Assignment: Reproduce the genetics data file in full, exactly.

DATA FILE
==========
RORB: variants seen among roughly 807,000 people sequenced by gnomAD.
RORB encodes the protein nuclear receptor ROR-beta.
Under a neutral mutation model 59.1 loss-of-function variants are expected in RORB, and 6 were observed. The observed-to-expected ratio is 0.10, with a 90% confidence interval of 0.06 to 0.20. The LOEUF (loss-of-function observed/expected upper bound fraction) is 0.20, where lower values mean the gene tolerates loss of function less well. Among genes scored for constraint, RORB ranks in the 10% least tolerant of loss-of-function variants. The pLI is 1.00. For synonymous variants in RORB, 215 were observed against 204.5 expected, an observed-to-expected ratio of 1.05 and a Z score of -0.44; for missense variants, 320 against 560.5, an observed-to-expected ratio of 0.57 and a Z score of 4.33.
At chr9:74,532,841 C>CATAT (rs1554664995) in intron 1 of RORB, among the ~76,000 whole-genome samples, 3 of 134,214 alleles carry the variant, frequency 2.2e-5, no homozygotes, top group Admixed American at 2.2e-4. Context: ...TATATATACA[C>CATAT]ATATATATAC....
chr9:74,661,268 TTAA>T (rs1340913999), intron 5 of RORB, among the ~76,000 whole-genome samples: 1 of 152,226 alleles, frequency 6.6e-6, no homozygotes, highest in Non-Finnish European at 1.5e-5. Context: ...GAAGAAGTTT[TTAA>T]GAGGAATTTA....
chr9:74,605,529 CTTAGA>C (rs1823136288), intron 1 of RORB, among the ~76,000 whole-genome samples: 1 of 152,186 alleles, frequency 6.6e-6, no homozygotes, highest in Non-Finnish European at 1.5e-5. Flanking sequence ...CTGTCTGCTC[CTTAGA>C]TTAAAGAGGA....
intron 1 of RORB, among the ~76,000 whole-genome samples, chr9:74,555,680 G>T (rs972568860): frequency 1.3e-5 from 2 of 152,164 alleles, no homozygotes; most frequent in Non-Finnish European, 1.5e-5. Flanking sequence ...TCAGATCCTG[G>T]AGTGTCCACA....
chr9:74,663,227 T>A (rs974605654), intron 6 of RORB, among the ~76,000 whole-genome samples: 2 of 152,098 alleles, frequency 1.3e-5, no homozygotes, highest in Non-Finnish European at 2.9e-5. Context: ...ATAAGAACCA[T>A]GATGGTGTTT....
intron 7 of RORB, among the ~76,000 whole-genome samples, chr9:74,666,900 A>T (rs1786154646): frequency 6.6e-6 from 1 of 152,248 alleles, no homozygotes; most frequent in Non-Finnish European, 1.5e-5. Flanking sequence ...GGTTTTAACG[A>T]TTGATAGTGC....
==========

RORB: variants seen among roughly 807,000 people sequenced by gnomAD.
RORB encodes the protein nuclear receptor ROR-beta.
Under a neutral mutation model 59.1 loss-of-function variants are expected in RORB, and 6 were observed. The observed-to-expected ratio is 0.10, with a 90% confidence interval of 0.06 to 0.20. The LOEUF (loss-of-function observed/expected upper bound fraction) is 0.20, where lower values mean the gene tolerates loss of function less well. Among genes scored for constraint, RORB ranks in the 10% least tolerant of loss-of-function variants. The pLI is 1.00. For synonymous variants in RORB, 215 were observed against 204.5 expected, an observed-to-expected ratio of 1.05 and a Z score of -0.44; for missense variants, 320 against 560.5, an observed-to-expected ratio of 0.57 and a Z score of 4.33.
At chr9:74,532,841 C>CATAT (rs1554664995) in intron 1 of RORB, among the ~76,000 whole-genome samples, 3 of 134,214 alleles carry the variant, frequency 2.2e-5, no homozygotes, top group Admixed American at 2.2e-4. Context: ...TATATATACA[C>CATAT]ATATATATAC....
chr9:74,661,268 TTAA>T (rs1340913999), intron 5 of RORB, among the ~76,000 whole-genome samples: 1 of 152,226 alleles, frequency 6.6e-6, no homozygotes, highest in Non-Finnish European at 1.5e-5. Context: ...GAAGAAGTTT[TTAA>T]GAGGAATTTA....
chr9:74,605,529 CTTAGA>C (rs1823136288), intron 1 of RORB, among the ~76,000 whole-genome samples: 1 of 152,186 alleles, frequency 6.6e-6, no homozygotes, highest in Non-Finnish European at 1.5e-5. Flanking sequence ...CTGTCTGCTC[CTTAGA>C]TTAAAGAGGA....
intron 1 of RORB, among the ~76,000 whole-genome samples, chr9:74,555,680 G>T (rs972568860): frequency 1.3e-5 from 2 of 152,164 alleles, no homozygotes; most frequent in Non-Finnish European, 1.5e-5. Flanking sequence ...TCAGATCCTG[G>T]AGTGTCCACA....
chr9:74,663,227 T>A (rs974605654), intron 6 of RORB, among the ~76,000 whole-genome samples: 2 of 152,098 alleles, frequency 1.3e-5, no homozygotes, highest in Non-Finnish European at 2.9e-5. Context: ...ATAAGAACCA[T>A]GATGGTGTTT....
intron 7 of RORB, among the ~76,000 whole-genome samples, chr9:74,666,900 A>T (rs1786154646): frequency 6.6e-6 from 1 of 152,248 alleles, no homozygotes; most frequent in Non-Finnish European, 1.5e-5. Flanking sequence ...GGTTTTAACG[A>T]TTGATAGTGC....